Today, Leiden’s successor at the helm of Vertex, CEO Reshma Kewalramani, is plunking down $250 million in cash to go the extra mile on DM1. The lion’s share of that is for the upfront, with a small reserve for equity in a deal that lines Vertex up with a neighbor in Seaport that has been rather quietly going at both of Vertex’s early disease targets with preclinical assets.

Endpoints Premium

Premium subscription required

Unlock this article along with other benefits by subscribing to one of our paid plans.

Christian Itin, Autolus CEO (UKBIO19)

Au­to­lus tips its hand, bags $220M as CAR-T show­down with Gilead looms

The first batch of pivotal data on Autolus Therapeutics’ CAR-T is in, and execs are ready to plot a path to market.

With an overall remission rate of 70% at the interim analysis featuring 50 patients, the results set the stage for a BLA filing by the end of 2023, said CEO Christian Itin.

Perhaps more importantly — given that Autolus’ drug, obe-cel, is going after an indication that Gilead’s Tecartus is already approved for — the biotech highlighted “encouraging safety data” in the trial, with a low percentage of patients experiencing severe immune responses.

WIB22: Am­ber Salz­man had few op­tions when her son was di­ag­nosed with a rare ge­net­ic dis­ease. So she cre­at­ed a bet­ter one

This profile is part of Endpoints News’ 2022 special report about Women in Biopharma R&D. You can read the full report here.

Amber Salzman’s life changed on a cold, damp day in Paris over tiny plastic cups of lukewarm tea.

She was meeting with Patrick Aubourg, a French neurologist studying adrenoleukodystrophy, or ALD, a rare genetic condition that causes rapid neurological decline in young boys. It’s a sinister disease that often leads to disability or death within just a few years. Salzman’s nephew was diagnosed at just 6 or 7 years old, and died at the age of 12.

Endpoints News

Keep reading Endpoints with a free subscription

Unlock this story instantly and join 154,300+ biopharma pros reading Endpoints daily — and it's free.

Ahead of ad­comm, FDA rais­es un­cer­tain­ties on ben­e­fit-risk pro­file of Cy­to­ki­net­ic­s' po­ten­tial heart drug

The FDA’s Cardiovascular and Renal Drugs Advisory Committee will meet next Tuesday to discuss whether Cytokinetics’ potential heart drug can safely reduce the risk of cardiovascular death and heart failure in patients with symptomatic chronic heart failure with reduced ejection fraction.

The drug, known as omecamtiv mecarbil and in development for more than 15 years, has seen mixed results, with a first Phase III readout from November 2020 hitting the primary endpoint of reducing the odds of hospitalization or other urgent care for heart failure by 8%. But it also missed a key secondary endpoint analysts had pegged as key to breaking into the market.

Ab­b­Vie slapped with age dis­crim­i­na­tion law­suit, fol­low­ing oth­er phar­mas

Add AbbVie to the list of pharma companies currently facing age discrimination allegations.

Pennsylvania resident Thomas Hesch filed suit against AbbVie on Wednesday, accusing the company of passing him over for promotions in favor of younger candidates.

Despite 30 years of pharma experience, “Hesch has consistently seen younger, less qualified employees promoted over him,” the complaint states.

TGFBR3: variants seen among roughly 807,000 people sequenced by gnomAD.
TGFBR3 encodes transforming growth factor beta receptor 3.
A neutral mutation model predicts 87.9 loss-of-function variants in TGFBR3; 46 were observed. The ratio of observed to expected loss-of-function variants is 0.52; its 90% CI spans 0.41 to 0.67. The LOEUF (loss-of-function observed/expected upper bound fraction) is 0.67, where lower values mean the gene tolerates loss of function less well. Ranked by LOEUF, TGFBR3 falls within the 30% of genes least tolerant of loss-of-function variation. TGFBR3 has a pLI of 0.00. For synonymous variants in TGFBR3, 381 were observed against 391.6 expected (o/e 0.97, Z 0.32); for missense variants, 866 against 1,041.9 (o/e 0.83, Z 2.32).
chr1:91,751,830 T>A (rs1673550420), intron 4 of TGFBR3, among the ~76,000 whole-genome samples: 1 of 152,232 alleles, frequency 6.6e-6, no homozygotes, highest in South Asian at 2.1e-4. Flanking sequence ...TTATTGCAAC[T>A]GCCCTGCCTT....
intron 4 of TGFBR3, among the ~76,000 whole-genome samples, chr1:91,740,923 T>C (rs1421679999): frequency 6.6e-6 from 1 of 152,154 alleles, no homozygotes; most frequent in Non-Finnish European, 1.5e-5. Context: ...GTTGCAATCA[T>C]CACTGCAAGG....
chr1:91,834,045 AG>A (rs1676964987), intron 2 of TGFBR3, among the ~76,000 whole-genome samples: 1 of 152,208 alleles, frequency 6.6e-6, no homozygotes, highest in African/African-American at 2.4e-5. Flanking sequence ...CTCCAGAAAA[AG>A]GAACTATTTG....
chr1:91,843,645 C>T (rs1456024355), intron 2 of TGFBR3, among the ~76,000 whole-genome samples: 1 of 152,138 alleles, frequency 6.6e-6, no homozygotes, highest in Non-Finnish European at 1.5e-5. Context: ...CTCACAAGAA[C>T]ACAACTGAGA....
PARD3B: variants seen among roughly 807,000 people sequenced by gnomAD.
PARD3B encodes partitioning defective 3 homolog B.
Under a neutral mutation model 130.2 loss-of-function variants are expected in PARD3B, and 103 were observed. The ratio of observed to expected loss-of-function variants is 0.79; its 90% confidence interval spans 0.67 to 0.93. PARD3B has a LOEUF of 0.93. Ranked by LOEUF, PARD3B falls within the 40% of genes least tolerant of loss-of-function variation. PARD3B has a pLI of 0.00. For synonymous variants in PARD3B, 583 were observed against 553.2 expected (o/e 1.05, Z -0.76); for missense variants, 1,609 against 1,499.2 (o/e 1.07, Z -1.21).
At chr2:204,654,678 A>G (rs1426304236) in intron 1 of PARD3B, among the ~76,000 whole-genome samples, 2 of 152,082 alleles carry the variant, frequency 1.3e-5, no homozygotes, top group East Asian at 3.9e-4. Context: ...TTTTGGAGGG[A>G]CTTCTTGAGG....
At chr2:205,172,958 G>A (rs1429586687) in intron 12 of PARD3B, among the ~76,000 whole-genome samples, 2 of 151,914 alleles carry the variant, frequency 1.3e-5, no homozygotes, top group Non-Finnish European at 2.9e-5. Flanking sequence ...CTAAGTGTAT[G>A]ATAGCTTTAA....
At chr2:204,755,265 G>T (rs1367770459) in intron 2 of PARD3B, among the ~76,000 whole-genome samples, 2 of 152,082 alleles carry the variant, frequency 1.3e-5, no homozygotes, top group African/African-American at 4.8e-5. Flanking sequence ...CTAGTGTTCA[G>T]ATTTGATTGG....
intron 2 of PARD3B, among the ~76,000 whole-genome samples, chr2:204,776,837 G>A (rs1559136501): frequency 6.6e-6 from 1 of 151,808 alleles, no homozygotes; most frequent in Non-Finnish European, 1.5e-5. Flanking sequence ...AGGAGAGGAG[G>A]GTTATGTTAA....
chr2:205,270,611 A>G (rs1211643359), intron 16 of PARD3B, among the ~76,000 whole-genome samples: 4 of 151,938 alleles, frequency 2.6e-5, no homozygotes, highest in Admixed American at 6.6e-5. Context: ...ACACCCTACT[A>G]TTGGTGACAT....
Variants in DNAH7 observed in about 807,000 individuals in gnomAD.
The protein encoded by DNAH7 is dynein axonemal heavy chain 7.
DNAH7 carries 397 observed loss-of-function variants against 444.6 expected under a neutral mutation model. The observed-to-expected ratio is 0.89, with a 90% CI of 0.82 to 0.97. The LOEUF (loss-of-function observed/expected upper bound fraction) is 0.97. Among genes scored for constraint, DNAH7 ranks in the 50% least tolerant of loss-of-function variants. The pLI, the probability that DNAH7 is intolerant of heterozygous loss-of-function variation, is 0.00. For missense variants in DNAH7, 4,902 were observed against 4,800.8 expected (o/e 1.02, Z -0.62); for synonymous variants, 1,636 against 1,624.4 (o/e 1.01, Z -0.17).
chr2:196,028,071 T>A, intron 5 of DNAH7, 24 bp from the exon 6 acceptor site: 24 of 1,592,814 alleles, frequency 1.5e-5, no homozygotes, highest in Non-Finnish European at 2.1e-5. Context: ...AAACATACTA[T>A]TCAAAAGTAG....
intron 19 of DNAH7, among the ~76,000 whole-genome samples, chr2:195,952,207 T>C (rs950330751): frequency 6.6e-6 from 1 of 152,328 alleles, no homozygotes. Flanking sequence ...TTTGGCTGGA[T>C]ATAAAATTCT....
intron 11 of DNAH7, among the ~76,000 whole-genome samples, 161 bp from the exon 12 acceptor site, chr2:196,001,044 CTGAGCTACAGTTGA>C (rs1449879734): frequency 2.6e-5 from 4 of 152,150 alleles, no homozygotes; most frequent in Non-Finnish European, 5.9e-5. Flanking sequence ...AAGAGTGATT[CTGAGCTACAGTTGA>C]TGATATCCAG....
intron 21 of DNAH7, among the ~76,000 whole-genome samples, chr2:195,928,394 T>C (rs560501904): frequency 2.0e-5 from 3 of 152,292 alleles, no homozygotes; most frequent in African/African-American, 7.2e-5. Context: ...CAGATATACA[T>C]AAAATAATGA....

Rami Elghandour, Arcellx CEO

Up­dat­ed: Gilead, Ar­cel­lx team up on an­ti-BC­MA CAR-T as biotech touts a 100% re­sponse rate at #ASH22

Gilead and Kite are plunking down big cash to get into the anti-BCMA CAR-T game.

The pair will shell out $225 million in cash upfront and $100 million in equity to Arcellx, Kite announced Friday morning, to develop the biotech’s lead CAR-T program together. Kite will handle commercialization and co-development with Arcellx, and profits in the US will be split 50-50.

Concurrent with the deal, Arcellx revealed its latest cut of data for the program known as CART-ddBCMA, ahead of a full presentation at this weekend’s ASH conference — a 100% response rate among patients getting the therapy. Investors jumped at the dual announcements, sending Arcellx shares $ACLX up more than 25% in Friday’s morning session.

Endpoints News

Keep reading Endpoints with a free subscription

Unlock this story instantly and join 154,300+ biopharma pros reading Endpoints daily — and it's free.

WIB22: Lead­ing NK cell re­searcher re­flects on roots in Iran, the UK and Texas

This profile is part of Endpoints News’ 2022 special report about Women in Biopharma R&D. You can read the full report here.

In a small but widely-cited 11-person study published in NEJM in 2020, seven patients saw signs of their cancer completely go away after getting a new therapy made from natural killer cells. The study was one of the earliest to provide clinical proof that the experimental treatment method had promise.

Endpoints News

Keep reading Endpoints with a free subscription

Unlock this story instantly and join 154,300+ biopharma pros reading Endpoints daily — and it's free.

Philip Astley-Sparke, Replimune CEO

Replimune looks to rope in $225M on the back of melanoma da­ta

The Massachusetts-based, oncolytic virus biotech Replimune is feeling bullish now that it has lifted the cover on data for its lead product.

Replimune said Thursday it looks to nab about $225 million from a public offering after giving a snapshot of some initial data from its IGNYTE clinical study earlier this week. The trial is investigating RP1 in combination with Opdivo, for patients with melanoma and who did not have a response when being treated with a PD-1.